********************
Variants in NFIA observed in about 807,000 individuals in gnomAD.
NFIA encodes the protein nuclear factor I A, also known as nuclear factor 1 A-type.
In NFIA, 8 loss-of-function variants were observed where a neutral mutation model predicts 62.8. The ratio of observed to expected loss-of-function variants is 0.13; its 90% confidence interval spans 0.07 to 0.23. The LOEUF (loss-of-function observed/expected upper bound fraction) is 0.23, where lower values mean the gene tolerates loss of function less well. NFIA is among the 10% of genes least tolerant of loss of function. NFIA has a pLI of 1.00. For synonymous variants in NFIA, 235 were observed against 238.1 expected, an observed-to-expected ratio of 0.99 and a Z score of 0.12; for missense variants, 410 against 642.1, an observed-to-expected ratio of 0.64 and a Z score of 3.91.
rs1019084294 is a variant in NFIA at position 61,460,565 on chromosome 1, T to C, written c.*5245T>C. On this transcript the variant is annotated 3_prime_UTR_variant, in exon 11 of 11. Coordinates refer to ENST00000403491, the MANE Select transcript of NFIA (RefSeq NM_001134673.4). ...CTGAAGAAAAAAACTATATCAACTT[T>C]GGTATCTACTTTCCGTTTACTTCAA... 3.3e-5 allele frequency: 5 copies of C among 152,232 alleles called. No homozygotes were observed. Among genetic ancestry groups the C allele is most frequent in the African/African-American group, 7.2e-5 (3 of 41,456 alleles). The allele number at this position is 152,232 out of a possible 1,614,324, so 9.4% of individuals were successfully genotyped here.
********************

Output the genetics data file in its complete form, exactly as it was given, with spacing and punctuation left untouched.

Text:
Variants in NFIA observed in about 807,000 individuals in gnomAD.
NFIA encodes the protein nuclear factor I A, also known as nuclear factor 1 A-type.
In NFIA, 8 loss-of-function variants were observed where a neutral mutation model predicts 62.8. The ratio of observed to expected loss-of-function variants is 0.13; its 90% confidence interval spans 0.07 to 0.23. The LOEUF (loss-of-function observed/expected upper bound fraction) is 0.23, where lower values mean the gene tolerates loss of function less well. NFIA is among the 10% of genes least tolerant of loss of function. NFIA has a pLI of 1.00. For synonymous variants in NFIA, 235 were observed against 238.1 expected, an observed-to-expected ratio of 0.99 and a Z score of 0.12; for missense variants, 410 against 642.1, an observed-to-expected ratio of 0.64 and a Z score of 3.91.
rs1019084294 is a variant in NFIA at position 61,460,565 on chromosome 1, T to C, written c.*5245T>C. On this transcript the variant is annotated 3_prime_UTR_variant, in exon 11 of 11. Coordinates refer to ENST00000403491, the MANE Select transcript of NFIA (RefSeq NM_001134673.4). ...CTGAAGAAAAAAACTATATCAACTT[T>C]GGTATCTACTTTCCGTTTACTTCAA... 3.3e-5 allele frequency: 5 copies of C among 152,232 alleles called. No homozygotes were observed. Among genetic ancestry groups the C allele is most frequent in the African/African-American group, 7.2e-5 (3 of 41,456 alleles). The allele number at this position is 152,232 out of a possible 1,614,324, so 9.4% of individuals were successfully genotyped here.